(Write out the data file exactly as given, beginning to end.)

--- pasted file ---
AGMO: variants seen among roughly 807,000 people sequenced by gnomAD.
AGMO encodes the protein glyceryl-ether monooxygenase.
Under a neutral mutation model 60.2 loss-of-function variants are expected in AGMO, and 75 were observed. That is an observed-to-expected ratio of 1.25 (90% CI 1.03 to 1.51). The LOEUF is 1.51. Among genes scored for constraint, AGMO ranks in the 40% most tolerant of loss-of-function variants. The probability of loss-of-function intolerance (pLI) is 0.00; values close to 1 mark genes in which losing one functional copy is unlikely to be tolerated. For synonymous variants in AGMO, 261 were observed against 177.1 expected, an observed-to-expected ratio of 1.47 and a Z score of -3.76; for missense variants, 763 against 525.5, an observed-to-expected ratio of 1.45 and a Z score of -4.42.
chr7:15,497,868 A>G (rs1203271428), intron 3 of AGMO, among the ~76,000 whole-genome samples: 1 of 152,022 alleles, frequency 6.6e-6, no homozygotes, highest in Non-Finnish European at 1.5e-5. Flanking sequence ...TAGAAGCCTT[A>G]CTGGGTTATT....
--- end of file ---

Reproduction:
AGMO: variants seen among roughly 807,000 people sequenced by gnomAD.
AGMO encodes the protein glyceryl-ether monooxygenase.
Under a neutral mutation model 60.2 loss-of-function variants are expected in AGMO, and 75 were observed. That is an observed-to-expected ratio of 1.25 (90% CI 1.03 to 1.51). The LOEUF is 1.51. Among genes scored for constraint, AGMO ranks in the 40% most tolerant of loss-of-function variants. The probability of loss-of-function intolerance (pLI) is 0.00; values close to 1 mark genes in which losing one functional copy is unlikely to be tolerated. For synonymous variants in AGMO, 261 were observed against 177.1 expected, an observed-to-expected ratio of 1.47 and a Z score of -3.76; for missense variants, 763 against 525.5, an observed-to-expected ratio of 1.45 and a Z score of -4.42.
chr7:15,497,868 A>G (rs1203271428), intron 3 of AGMO, among the ~76,000 whole-genome samples: 1 of 152,022 alleles, frequency 6.6e-6, no homozygotes, highest in Non-Finnish European at 1.5e-5. Flanking sequence ...TAGAAGCCTT[A>G]CTGGGTTATT....